Product Warning – Linksys Wireless-G Range Expander is a product catastrophe

I apologize for not responding to your emails and comments during the past few days. I have been offline trying to debug a botched Linksys product offering.

Wre54g_1The product team at Linksys has managed to take a brilliant product concept and turn it into a frustrating customer experience and a support nightmare. This is not a simple mistake. This is the work of inspired dunderheads! The Linksys Wireless-G Range Expander – WRE54G should have been a slam-dunk success, but a group of designers and marketing execs managed to make this product one of the worst new product releases since the Jugo.

My take on it is that the product team pushed this abortion out the door in a hurry so they could meet a deadline and get their bonuses. This was not the work of one person. This catastrophe required a lot of people to turn a blind eye to the effect this would create on a typical customer. In my opinion, Linksys owes their customers an apology.

UPDATE 03/04/06: 229 Linksys customers reviewed this product on and the vast majority of them could not install it because of the botched product release. Does anyone at Linksys keep track of what customers are saying?

The concept of a range expander for your wireless network is right
on the money because the first problem you run into with your new
wireless network is that it doesn’t reach all of the locations where
you need connectivity. You have your wireless router in the basement,
for example, but you want to use your laptop out on your deck where
reception is spotty, at best.

The Linksys expander would seem to be the answer to this because you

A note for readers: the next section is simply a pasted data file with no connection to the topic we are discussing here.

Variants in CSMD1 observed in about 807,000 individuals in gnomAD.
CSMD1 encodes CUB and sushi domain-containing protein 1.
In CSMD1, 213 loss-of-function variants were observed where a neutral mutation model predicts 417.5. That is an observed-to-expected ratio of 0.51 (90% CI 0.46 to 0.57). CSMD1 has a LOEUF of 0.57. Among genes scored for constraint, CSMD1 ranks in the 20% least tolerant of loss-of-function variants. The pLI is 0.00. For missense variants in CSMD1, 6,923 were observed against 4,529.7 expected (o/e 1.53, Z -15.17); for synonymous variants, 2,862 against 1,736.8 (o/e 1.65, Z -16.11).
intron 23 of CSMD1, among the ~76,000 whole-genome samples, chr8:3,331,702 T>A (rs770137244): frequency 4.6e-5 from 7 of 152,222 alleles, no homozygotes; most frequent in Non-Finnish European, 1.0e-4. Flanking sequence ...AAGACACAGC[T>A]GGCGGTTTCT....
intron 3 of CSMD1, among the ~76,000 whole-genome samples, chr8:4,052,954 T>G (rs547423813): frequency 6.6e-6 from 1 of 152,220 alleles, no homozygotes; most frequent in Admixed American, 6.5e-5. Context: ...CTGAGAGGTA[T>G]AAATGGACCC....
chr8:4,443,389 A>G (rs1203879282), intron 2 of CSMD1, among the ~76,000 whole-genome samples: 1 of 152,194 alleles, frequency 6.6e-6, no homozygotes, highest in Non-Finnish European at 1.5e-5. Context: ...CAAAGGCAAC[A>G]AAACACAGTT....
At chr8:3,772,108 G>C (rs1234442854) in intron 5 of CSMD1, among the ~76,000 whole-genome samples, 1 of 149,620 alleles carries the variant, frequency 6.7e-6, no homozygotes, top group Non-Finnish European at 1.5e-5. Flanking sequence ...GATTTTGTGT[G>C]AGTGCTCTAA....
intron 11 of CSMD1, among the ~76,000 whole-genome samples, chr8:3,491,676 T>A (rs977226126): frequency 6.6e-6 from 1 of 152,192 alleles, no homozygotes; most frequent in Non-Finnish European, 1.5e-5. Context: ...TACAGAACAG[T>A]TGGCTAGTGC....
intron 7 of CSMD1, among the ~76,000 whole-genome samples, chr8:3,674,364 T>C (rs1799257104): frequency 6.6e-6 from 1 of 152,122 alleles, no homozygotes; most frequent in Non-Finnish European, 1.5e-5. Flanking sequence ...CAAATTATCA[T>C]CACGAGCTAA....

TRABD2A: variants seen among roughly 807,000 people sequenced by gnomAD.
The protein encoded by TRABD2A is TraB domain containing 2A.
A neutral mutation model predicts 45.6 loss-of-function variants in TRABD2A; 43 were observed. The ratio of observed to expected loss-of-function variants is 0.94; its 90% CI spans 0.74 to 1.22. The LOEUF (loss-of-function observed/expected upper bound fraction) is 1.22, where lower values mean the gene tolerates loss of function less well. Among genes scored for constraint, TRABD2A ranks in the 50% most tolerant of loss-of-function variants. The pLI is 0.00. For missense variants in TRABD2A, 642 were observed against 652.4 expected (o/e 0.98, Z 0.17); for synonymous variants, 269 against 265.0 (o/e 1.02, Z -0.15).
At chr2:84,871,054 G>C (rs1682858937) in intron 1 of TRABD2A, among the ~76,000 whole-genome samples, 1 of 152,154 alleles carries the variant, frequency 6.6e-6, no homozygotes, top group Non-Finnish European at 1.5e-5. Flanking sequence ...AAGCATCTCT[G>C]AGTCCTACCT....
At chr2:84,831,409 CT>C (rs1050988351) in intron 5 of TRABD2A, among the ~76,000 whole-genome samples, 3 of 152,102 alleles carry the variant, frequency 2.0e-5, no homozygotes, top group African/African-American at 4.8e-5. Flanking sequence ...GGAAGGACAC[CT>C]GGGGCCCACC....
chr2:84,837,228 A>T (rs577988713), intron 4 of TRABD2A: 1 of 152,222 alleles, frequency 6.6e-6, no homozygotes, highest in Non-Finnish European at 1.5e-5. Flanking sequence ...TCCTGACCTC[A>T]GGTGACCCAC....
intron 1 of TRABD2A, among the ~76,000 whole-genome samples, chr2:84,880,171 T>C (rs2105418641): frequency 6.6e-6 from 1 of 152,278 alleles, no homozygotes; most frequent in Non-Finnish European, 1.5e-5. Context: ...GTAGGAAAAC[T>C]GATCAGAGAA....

only have to plug it in and you will have a relay point which send
signals to the furthermost parts of your network. As I said, the
product concept was brilliant!

Let’s see how this works out in practice.

I purchased the expander from the same store where I purchased a
Linksys wireless router a few days before. This expander and wireless
router can be found in thousands of stores across the country. The
router had gone in without a hitch and worked perfectly except where I
was using a laptop in a room 75 feet away from the router. I expected
the expander to give me the same predictable results. WRONG!!

The expander would not recognize the router although they had been
sold next to each other on the shelf at the store. I read the
directions again and went through the installation procedure several
times. The upper indicator remained obstinately red, indicating the the
expander could not recognize the wireless router.

I returned the expander for credit, and since there were no more in
stock, I went to Office Max and bought another WRE54G  there. I took it
home, set it up and had the same dismal result. The expander would not
recognize the wireless router.

Upon investigating, I found a note tucked in the box that said the
expander would work with the wireless router only if the router
firmware was level 2.02.2 or higher. The brand new router firmware was
level 1.06. I thought that was pretty poor product coordination, but I
would fix that by going to the Linksys website and downloading the
required firmware.

WRONG AGAIN!! The download page on the Linksys website had no such firmware.

So I called Linksys customer support to find where they were hiding
the required firmware. I spent ten minutes talking to a charming lady
in India who kept trying to get the name of my ISP and my operating
system. It took a while to get her to understand that I wanted a
particular piece of firmware, because I could only understand one word
in four. She was unfailingly polite, but her rapid fire delivery made
it very hard to understand her. Finally she said she would connect me
with a technician. She did this very professionally because she made